Levies and Sinking Fund – more State-based detail coming soon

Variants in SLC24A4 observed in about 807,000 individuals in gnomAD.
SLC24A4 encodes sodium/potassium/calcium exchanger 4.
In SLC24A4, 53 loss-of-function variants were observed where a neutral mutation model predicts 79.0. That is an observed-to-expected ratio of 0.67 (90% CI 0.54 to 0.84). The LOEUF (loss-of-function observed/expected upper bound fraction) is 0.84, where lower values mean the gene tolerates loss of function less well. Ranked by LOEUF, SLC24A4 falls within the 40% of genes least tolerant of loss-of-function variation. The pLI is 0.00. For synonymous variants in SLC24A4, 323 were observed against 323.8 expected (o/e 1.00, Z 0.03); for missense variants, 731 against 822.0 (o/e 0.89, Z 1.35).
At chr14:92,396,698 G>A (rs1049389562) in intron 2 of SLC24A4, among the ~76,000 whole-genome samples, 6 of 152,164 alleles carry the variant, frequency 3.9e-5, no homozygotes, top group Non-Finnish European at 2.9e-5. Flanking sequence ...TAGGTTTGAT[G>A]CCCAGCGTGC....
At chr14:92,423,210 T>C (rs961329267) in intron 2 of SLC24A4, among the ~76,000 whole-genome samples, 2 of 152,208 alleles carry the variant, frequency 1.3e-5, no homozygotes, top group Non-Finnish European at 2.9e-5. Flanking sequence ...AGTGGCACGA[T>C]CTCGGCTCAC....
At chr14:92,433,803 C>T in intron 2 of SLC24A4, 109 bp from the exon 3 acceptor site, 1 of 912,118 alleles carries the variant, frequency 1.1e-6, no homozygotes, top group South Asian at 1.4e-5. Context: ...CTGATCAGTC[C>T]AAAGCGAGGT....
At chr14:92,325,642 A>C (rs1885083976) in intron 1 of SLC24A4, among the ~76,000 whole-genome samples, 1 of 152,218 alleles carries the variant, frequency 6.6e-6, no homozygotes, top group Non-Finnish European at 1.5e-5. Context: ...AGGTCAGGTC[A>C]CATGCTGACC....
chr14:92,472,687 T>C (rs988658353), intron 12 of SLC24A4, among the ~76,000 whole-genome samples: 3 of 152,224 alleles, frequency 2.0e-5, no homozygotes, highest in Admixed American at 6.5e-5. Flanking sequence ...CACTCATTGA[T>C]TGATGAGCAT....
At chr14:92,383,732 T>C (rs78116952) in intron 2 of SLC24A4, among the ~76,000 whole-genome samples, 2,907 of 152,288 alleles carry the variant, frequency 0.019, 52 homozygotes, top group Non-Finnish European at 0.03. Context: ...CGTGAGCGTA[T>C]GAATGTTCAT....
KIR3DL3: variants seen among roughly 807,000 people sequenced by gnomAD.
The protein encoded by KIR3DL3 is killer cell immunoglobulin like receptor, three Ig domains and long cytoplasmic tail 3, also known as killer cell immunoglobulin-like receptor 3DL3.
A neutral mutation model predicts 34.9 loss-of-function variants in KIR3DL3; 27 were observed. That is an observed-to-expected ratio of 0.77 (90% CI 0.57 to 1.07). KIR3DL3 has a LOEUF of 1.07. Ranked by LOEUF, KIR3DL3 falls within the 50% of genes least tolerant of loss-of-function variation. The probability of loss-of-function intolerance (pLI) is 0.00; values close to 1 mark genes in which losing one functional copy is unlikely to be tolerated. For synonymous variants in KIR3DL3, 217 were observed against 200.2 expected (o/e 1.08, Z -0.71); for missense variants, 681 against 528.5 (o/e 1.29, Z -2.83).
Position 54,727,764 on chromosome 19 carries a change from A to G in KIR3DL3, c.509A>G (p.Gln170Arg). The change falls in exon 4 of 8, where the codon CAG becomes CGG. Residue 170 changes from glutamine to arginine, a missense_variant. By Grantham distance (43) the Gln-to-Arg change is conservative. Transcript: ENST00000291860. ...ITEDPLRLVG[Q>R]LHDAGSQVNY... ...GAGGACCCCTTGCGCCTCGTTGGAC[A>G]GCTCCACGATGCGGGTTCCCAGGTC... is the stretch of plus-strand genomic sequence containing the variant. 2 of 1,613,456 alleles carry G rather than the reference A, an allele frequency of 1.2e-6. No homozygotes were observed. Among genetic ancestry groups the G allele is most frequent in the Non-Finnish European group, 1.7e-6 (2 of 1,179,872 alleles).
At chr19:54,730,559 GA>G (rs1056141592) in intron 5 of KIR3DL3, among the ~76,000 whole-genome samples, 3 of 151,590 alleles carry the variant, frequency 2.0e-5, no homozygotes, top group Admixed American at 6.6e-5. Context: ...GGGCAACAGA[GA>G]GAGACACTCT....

The primary source of funding for most strata schemes is from owners through levies. To enable owners to properly plan their finances and for scheme cash flow to meet expenditure, planning and money management by owners committees and managers is critical. Almost all states regulate budgeting (at least for day-to-day expenses) on an annual basis. The extent of regulation and control varies, and the level of disclosure and approval ranges from none to all-owner approval at a general meeting. In some states, longer term planning or estimating for sinking funds is also required. Audits must be considered annually in some states, while for others they are only required for larger or more active schemes. Reporting the actual financial position of a strata and community title scheme is another important aspect of scheme management. It is also generally well regulated and controlled. In most states annual accounts are required to be presented to owners at annual general meetings. Small schemes have exceptions from some accounting requirements in South Australian, Victoria, Western Australia and New South Wales. Non-payment Levies must be paid by the due date. Lot owners cannot object to a levy by not paying it. Only some states make owners automatically responsible for interest if levies and fees are overdue and where interest is applied it is different from state to state. In some states schemes can reduce or waive interest. While most states allow legal action to recover levies and fees in the civil court system, Victoria requires those actions to be in VCAT (www.vcat.vic.gov.au) and in Tasmania the Recorder of Titles (www.dpipwe.tas.gov.au/inter.nsf/ThemeNodes/SSKA-4X33TR) can order payment. Only some states expressly make owners liable to pay the scheme’s recovery costs so that the scheme is not out of pocket from chasing overdue levies and fees.

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